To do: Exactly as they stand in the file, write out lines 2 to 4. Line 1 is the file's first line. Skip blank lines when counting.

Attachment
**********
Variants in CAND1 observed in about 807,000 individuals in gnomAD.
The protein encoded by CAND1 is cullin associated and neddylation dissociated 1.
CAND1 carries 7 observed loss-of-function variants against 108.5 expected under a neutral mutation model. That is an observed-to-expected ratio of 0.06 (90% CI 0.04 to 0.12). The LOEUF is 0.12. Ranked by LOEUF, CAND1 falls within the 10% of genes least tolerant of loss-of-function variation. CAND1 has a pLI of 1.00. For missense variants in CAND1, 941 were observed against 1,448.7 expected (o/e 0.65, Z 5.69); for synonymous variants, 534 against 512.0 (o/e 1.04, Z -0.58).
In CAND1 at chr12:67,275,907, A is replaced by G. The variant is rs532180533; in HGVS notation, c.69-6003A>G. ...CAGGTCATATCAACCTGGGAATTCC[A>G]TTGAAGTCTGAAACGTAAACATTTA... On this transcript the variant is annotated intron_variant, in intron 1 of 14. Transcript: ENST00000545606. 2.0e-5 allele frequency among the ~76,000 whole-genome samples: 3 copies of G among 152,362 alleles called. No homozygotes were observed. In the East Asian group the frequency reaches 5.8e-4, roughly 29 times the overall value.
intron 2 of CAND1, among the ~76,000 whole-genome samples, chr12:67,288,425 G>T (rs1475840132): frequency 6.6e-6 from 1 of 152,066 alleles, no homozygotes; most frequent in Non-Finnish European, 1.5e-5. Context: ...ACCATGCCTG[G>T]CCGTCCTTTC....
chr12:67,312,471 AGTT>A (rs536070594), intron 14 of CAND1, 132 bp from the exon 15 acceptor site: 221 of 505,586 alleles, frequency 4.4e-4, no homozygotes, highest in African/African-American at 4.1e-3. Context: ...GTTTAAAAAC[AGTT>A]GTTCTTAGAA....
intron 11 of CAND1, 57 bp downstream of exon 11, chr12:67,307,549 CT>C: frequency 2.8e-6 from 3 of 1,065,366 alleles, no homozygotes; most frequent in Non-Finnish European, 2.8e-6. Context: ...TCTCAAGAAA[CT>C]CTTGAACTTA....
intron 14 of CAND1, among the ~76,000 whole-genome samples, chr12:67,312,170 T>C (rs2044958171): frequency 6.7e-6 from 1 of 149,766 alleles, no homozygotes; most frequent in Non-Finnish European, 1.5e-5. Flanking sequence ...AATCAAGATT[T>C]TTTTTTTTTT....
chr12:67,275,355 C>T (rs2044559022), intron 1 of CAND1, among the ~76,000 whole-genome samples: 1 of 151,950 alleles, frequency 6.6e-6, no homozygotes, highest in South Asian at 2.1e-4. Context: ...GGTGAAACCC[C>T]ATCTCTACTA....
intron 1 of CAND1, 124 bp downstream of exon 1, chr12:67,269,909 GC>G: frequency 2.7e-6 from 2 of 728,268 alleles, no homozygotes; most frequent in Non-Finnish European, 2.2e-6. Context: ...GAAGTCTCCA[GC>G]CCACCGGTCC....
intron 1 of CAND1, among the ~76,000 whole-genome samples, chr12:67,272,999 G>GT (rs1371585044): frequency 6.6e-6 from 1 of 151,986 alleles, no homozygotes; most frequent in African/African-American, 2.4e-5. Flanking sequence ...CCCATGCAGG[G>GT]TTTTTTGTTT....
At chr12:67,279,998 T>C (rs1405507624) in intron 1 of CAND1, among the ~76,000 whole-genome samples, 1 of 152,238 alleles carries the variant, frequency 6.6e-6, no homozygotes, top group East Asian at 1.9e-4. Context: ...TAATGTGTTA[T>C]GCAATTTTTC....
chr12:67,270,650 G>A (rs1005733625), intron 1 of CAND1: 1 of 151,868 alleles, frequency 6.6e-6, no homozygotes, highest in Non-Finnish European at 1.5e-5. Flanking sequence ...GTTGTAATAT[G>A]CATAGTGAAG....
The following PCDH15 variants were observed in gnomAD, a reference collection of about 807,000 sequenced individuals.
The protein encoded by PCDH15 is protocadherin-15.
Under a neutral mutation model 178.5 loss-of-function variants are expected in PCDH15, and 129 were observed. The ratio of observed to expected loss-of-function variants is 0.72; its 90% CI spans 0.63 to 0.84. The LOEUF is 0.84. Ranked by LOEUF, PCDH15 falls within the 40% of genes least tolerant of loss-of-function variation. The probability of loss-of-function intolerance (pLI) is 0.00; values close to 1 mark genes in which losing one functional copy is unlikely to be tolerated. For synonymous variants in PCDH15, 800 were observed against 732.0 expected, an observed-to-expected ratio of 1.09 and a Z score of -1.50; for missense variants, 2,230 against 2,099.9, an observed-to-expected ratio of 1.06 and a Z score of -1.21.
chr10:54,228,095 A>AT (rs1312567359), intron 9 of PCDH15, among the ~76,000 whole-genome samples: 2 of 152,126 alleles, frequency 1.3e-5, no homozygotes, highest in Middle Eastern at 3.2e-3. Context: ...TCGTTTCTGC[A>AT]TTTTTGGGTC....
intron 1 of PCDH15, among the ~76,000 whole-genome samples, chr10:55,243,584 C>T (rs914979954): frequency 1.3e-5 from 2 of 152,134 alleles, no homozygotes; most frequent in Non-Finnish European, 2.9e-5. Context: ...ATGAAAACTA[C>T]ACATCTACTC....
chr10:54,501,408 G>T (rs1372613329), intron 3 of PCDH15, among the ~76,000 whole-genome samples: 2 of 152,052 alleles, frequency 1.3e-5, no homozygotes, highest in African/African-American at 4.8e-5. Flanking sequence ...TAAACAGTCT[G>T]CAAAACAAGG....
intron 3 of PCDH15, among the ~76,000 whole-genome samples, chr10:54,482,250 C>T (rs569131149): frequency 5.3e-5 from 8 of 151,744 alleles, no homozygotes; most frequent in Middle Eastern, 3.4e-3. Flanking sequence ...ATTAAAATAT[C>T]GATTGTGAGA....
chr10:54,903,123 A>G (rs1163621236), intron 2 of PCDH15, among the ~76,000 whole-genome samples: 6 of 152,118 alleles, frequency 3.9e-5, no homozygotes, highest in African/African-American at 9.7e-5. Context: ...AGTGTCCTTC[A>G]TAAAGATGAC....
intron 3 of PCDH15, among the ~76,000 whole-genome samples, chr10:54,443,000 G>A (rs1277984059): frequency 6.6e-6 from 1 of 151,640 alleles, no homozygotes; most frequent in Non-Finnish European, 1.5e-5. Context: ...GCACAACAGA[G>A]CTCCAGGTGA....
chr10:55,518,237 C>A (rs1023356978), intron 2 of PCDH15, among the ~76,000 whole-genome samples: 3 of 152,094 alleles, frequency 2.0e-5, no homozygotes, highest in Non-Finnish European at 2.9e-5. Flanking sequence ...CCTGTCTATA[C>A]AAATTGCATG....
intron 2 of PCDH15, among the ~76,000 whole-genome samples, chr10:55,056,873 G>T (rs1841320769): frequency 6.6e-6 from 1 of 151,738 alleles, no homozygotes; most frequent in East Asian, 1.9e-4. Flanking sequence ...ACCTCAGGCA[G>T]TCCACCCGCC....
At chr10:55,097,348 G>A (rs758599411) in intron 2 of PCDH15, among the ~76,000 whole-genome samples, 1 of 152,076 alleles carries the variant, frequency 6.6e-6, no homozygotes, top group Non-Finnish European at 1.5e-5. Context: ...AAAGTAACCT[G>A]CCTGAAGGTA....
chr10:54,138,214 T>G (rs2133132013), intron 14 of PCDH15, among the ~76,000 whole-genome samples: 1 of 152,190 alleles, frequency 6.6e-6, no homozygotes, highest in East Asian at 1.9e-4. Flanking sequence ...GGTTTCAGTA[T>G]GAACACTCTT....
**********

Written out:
The protein encoded by CAND1 is cullin associated and neddylation dissociated 1.
CAND1 carries 7 observed loss-of-function variants against 108.5 expected under a neutral mutation model. That is an observed-to-expected ratio of 0.06 (90% CI 0.04 to 0.12). The LOEUF is 0.12. Ranked by LOEUF, CAND1 falls within the 10% of genes least tolerant of loss-of-function variation. CAND1 has a pLI of 1.00. For missense variants in CAND1, 941 were observed against 1,448.7 expected (o/e 0.65, Z 5.69); for synonymous variants, 534 against 512.0 (o/e 1.04, Z -0.58).
In CAND1 at chr12:67,275,907, A is replaced by G. The variant is rs532180533; in HGVS notation, c.69-6003A>G. ...CAGGTCATATCAACCTGGGAATTCC[A>G]TTGAAGTCTGAAACGTAAACATTTA... On this transcript the variant is annotated intron_variant, in intron 1 of 14. Transcript: ENST00000545606. 2.0e-5 allele frequency among the ~76,000 whole-genome samples: 3 copies of G among 152,362 alleles called. No homozygotes were observed. In the East Asian group the frequency reaches 5.8e-4, roughly 29 times the overall value.